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Tuesday, July 24, 2018

5 Hokey Pokey Leadership Tips


The Art of Leadership:
The Hokey Pokey IS What It’s All About

Spending Family Guest Week at Kanuga Conference Center in the mountains of North Carolina, I’m immersed in multigenerational activities and rituals that are a rich part of this family camp. Despite this being a vacation, I can’t stop looking through the lens of leadership as I observe and participate in the activities.

As it has been since time immemorial, one of the first evenings includes circle and square dancing to live music. All ages are encouraged to participate. Even the teenagers with piercings and multicolored hair get involved. After all, they’ve been doing these dances since they were toddlers.

Watching the kids, adolescents and adults follow the exhortations of the caller to “shake your bodies, children!” I’m aware that there are important leadership lessons in the Hokey Pokey.

Put your right hand in. Put your right hand out. Put your right hand in…and shake it all about. You do the Hokey Pokey and turn yourself around.
THAT’S WHAT IT’S ALL ABOUT!

1. Start with what’s easy
Most people are right handed so it’s easy to do this simple thing and get the hang of it. It lets followers know what the pattern is and breaks the ice. Newbies can see what others are doing and even the youngest can figure out which is really the right hand…if it even matters.

Put your left hand in. Put your left hand out. Put your left hand in…and shake it all about. You do the Hokey Pokey and turn yourself around.
THAT’S WHAT IT’S ALL ABOUT!

2. Repeat with a variation that keeps it simple, yet interesting
People need to see progress when learning something new. Repetition is a pathway to mastery. Yet people don’t want to get bored or feel it’s too simplistic for their “sophisticated” minds. Non-dominant hands don’t work the same way as the dominant ones. It takes more attention to learn something new. The lighter people can take themselves when learning something (rather than expecting to do it perfectly the first time, like some adults do) the faster they are likely to get it.

Put your head in. Put your head out. Put your head in…and shake it all about. You do the Hokey Pokey and turn yourself around.
THAT’S WHAT IT’S ALL ABOUT!

3. Shake up your thinking, try new things…then make meaning for understanding
We all know where our heads are…and many of us live there most the time. Shaking up our thinking and opening to new ideas is key element of the art of leadership. Taking our intellectual heads out and bringing our curiosity in can encourage new perspectives and solutions. It often helps to just start doing and trying things out, before getting too involved intellectually.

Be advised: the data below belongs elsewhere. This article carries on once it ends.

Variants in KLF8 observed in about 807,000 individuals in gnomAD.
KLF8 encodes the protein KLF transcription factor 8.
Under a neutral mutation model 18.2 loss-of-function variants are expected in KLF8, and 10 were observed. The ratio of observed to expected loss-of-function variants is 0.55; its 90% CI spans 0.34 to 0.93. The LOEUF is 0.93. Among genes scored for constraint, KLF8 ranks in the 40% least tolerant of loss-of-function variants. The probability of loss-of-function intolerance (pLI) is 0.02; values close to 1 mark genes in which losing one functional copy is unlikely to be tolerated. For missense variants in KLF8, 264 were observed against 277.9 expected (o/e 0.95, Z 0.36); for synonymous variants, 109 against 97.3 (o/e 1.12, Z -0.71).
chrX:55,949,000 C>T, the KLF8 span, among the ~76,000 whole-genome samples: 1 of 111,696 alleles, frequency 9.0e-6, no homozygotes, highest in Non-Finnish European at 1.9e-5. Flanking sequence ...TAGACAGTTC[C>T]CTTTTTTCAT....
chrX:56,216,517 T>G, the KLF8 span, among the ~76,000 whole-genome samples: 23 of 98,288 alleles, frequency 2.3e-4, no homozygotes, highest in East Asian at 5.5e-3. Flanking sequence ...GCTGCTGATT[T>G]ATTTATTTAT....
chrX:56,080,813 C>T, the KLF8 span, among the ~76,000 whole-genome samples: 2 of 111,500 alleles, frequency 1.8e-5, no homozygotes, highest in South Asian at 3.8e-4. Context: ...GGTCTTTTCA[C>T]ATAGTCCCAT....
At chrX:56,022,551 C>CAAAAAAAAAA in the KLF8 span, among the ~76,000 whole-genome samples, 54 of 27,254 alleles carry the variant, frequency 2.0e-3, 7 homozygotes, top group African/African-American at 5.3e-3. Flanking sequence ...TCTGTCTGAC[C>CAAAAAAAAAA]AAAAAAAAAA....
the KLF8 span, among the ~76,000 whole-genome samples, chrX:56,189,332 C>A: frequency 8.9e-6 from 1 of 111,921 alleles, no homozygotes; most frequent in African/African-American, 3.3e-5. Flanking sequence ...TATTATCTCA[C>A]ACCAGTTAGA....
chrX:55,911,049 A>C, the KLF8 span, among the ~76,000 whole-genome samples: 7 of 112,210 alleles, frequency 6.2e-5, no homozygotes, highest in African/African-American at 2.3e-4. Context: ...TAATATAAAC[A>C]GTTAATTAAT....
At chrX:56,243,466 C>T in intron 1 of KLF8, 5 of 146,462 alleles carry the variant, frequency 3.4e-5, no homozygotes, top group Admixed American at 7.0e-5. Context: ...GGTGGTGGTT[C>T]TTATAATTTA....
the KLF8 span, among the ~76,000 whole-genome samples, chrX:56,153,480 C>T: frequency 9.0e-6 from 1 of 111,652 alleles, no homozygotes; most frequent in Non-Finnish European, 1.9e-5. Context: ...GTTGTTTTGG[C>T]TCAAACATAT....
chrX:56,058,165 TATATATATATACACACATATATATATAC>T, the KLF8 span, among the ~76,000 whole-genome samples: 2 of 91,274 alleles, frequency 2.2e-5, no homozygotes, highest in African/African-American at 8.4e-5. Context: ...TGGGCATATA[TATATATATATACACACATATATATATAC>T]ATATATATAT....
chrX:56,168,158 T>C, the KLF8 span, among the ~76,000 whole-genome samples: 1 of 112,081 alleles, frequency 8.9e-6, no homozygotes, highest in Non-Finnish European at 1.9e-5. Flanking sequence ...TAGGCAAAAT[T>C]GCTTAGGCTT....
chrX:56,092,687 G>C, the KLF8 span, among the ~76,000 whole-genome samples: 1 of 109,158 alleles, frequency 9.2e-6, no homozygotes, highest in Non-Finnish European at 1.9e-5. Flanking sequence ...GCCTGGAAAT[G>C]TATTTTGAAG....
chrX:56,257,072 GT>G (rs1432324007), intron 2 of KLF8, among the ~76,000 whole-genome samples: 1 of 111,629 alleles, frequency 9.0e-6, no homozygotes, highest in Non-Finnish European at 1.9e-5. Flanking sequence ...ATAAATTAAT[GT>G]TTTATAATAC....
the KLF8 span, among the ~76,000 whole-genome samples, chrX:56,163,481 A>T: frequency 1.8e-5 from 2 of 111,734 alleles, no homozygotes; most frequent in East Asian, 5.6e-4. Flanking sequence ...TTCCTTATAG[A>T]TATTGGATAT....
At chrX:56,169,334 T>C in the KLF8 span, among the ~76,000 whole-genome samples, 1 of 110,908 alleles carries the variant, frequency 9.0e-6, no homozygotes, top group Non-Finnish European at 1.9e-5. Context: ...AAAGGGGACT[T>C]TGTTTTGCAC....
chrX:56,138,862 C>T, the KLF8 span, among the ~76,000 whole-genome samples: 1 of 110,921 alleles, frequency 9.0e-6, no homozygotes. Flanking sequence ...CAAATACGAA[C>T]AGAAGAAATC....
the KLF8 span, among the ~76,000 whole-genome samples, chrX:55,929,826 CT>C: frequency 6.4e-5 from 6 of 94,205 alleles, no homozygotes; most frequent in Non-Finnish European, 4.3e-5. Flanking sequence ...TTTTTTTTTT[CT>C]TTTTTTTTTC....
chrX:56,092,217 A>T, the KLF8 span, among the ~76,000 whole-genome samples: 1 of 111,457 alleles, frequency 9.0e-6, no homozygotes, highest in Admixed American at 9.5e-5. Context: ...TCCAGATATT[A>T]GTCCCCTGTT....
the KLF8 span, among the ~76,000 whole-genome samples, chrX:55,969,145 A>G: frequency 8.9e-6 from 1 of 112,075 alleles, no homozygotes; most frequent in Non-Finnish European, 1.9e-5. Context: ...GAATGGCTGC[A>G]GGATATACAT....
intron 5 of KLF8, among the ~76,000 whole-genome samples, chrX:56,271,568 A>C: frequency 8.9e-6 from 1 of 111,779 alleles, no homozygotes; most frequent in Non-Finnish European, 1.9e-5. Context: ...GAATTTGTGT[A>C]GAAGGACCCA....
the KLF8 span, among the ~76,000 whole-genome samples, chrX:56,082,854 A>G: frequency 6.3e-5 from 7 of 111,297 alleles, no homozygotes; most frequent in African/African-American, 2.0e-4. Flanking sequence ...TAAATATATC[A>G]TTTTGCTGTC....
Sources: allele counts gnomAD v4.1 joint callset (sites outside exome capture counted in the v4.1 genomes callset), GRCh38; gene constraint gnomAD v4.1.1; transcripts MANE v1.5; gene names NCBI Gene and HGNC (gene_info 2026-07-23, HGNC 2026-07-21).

In our leadership trainings, we will set a context and then have people do an activity before unpacking their experience and making meaning from the exercise. Leaders can do the same as they pose strategic questions to their teams to encourage participation and let the leader listen to gain understanding of what team members are thinking. We suggest that during inquiry, leaders wait until the end of the sharing so that they can summarize what was said, affirm important points, and add anything that’s missing.

Put your back side in. Put your back side out. Put your back side in…and shake it all about. You do the Hokey Pokey and turn yourself around.
THAT’S WHAT IT’S ALL ABOUT!

4. Be willing to be hokey
A leader who is willing to take risks, admit mistakes, and poke fun of him or herself creates more space for others to do the same. A leader who is vulnerable enough to show their humanity and humility creates an environment where trust can flourish. And with trust, teams can work faster and perform better. When team members feel safe enough to admit and learn from mistakes, everyone can relax, get work done…and even have fun!

Put your whole self in. Put your whole self out. Put your whole self in…and shake it all about. You do the Hokey Pokey and turn yourself around.
THAT’S WHAT IT’S ALL ABOUT!

5. Play at 100%
Followers don’t just listen to leaders…they watch their actions. If leaders want change…in behaviors, actions, results…they must demonstrate what that looks like through pictures, storytelling and most of all, modeling what’s expected. This doesn’t mean always coming in early, leaving late and working over weekends. It means having a balanced life, respectful relationships, mentoring others, and giving people opportunities to shine with their unique talents. True leaders invest time in building people’s competence and confidence so that individuals and teams can work autonomously, collaborate effectively, and achieve desired results so that they all feel like winners.


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